The Gulag was a system of forced labor camps established during Joseph Stalin’s long reign as dictator of the Soviet Union. The word “Gulag” is an acronym for Glavnoe Upravlenie Lagerei, or Main Camp Administration. The notorious prisons, which incarcerated about 18 million people throughout their history, operated from the 1920s until shortly after Stalin’s death in 1953. At its height, the Gulag network included hundreds of labor camps that held anywhere from 2,000 to 10,000 people each. Conditions at the Gulag were brutal: Prisoners could be required to work up to 14 hours a day, often in extreme weather. Many died of starvation, disease or exhaustion—others were simply executed. The atrocities of the Gulag system have had a long-lasting impact that still permeates Russian society today.
Gulag from Lenin to Stalin
After the Russian Revolution of 1917, Vladimir Lenin, founder of the Russian Communist Party, took control of the Soviet Union. When Lenin died of a stroke in 1924, Joseph Stalin propelled his way to power and became dictator.
The Gulag was first established in 1919, and by 1921 the Gulag system had 84 camps. But it wasn’t until Stalin’s rule that the prison population reached significant numbers.
From 1929 until Stalin’s death, the Gulag went through a period of rapid expansion. Stalin viewed the camps as an efficient way to boost industrialization in the Soviet Union and access valuable natural resources such as timber, coal and other minerals.
Additionally, the Gulag became a destination for victims of Stalin’s Great Purge, a campaign to eliminate dissenting members of the Communist Party and anyone who challenged the leader.
The first group of prisoners at the Gulag mostly included common criminals and prosperous peasants, known as kulaks. Many kulaks were arrested when they revolted against collectivization, a policy enforced by the Soviet government that demanded peasant farmers give up their individual farms and join collective farming.
When Stalin launched his purges, a wide variety of laborers, known as “political prisoners,” were transported to the Gulag. Opposing members of the Communist Party, military officers and government officials were among the first targeted. Later, educated people and ordinary citizens—doctors, writers, intellects, students, artists and scientists—were sent to the Gulag.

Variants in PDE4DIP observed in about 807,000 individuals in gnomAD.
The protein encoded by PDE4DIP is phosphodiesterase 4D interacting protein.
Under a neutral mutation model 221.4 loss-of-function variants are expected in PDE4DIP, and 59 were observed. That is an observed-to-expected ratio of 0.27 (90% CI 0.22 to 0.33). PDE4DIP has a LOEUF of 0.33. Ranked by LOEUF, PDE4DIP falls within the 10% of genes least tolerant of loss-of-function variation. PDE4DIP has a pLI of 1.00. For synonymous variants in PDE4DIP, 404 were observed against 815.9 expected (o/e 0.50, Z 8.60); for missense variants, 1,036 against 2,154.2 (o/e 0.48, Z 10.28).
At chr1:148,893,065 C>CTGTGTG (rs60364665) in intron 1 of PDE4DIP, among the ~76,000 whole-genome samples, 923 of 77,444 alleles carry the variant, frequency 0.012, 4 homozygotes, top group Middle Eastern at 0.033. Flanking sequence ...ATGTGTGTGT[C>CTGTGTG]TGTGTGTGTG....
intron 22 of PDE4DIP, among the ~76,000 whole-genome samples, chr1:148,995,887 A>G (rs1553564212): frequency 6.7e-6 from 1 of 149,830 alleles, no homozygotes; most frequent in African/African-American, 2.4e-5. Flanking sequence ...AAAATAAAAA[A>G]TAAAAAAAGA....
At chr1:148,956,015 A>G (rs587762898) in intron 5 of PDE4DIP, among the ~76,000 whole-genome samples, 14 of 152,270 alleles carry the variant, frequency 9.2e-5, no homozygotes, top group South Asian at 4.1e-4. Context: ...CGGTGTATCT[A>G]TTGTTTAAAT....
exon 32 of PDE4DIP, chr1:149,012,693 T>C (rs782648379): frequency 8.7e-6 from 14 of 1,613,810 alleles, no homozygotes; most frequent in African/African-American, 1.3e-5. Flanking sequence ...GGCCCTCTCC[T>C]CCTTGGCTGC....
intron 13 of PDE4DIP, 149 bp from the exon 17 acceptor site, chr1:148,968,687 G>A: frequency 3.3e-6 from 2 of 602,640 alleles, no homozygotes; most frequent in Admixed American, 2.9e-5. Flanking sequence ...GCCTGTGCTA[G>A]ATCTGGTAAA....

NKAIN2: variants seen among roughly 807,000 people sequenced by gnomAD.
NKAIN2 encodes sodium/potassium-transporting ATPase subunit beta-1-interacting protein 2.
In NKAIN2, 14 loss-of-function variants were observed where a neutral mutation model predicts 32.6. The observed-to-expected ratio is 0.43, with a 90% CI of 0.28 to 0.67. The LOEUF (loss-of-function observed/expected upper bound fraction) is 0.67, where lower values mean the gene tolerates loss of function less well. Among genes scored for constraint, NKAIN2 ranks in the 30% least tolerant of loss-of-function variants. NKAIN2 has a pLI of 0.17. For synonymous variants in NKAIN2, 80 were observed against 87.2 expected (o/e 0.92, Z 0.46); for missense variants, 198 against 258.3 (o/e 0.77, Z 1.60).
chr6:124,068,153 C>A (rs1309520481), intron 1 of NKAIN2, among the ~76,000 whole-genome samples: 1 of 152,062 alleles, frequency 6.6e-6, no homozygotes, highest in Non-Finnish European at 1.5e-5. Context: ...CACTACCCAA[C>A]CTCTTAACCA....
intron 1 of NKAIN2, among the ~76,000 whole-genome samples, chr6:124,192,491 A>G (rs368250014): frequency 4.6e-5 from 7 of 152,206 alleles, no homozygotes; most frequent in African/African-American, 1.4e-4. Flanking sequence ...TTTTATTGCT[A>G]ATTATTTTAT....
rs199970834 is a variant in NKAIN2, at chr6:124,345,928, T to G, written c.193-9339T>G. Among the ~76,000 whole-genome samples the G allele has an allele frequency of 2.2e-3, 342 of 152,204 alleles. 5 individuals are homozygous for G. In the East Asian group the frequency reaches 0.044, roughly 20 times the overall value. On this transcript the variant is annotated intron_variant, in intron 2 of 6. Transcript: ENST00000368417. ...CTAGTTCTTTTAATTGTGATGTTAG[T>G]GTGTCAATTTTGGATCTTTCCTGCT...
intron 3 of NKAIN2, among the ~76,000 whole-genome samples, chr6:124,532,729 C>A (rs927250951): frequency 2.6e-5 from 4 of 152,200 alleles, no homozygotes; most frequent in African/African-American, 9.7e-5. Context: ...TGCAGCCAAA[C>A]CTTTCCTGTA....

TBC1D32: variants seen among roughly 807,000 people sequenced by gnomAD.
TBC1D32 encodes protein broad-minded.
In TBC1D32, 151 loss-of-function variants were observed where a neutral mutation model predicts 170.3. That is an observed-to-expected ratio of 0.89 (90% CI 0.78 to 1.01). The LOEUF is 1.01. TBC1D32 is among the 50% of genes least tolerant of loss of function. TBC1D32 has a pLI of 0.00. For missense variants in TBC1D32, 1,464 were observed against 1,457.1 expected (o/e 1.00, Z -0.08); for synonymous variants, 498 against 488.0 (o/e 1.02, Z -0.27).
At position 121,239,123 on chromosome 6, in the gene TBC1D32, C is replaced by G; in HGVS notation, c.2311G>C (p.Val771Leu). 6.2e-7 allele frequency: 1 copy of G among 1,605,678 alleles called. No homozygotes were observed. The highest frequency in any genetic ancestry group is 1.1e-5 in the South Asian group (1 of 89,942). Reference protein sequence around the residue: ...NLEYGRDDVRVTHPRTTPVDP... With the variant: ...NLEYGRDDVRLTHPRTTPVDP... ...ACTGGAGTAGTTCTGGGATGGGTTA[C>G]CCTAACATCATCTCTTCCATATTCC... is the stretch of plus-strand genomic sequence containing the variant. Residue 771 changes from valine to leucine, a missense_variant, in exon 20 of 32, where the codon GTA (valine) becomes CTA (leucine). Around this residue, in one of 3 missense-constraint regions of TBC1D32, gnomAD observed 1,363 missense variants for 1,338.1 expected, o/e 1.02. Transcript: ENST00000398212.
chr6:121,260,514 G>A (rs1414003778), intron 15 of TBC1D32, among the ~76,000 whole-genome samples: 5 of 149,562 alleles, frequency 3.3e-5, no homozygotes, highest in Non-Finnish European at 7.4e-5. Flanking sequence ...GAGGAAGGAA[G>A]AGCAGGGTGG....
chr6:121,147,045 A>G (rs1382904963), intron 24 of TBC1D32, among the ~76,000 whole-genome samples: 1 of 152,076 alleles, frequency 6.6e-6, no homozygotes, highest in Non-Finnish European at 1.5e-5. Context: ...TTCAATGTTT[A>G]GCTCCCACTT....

Anyone who had ties to disloyal anti-Stalinists could be imprisoned. Even women and children endured the harsh conditions of the camps. Many women faced the threat of rape or assault by male prisoners or guards.
Without notice, some victims were randomly picked up by Stalin’s NKVD security police and hauled to the prisons with no trial or rights to an attorney.
Life at a Gulag Camp
Prisoners at the Gulag camps were forced to work on large-scale construction, mining and industrial projects. The type of industry depended on the camp’s location and the area’s needs.
Gulag labor crews worked on several massive Soviet endeavors, including the Moscow-Volga Canal, the White Sea-Baltic Canal and the Kolyma Highway.
Prisoners were given crude, simple tools and no safety equipment. Some workers spent their days cutting down trees or digging at frozen ground with handsaws and pickaxes. Others mined coal or copper, and many had to dig up dirt with their bare hands.
The work was often so grueling that prisoners would cut their hands with axes or place their arms in a wood stove to avoid it.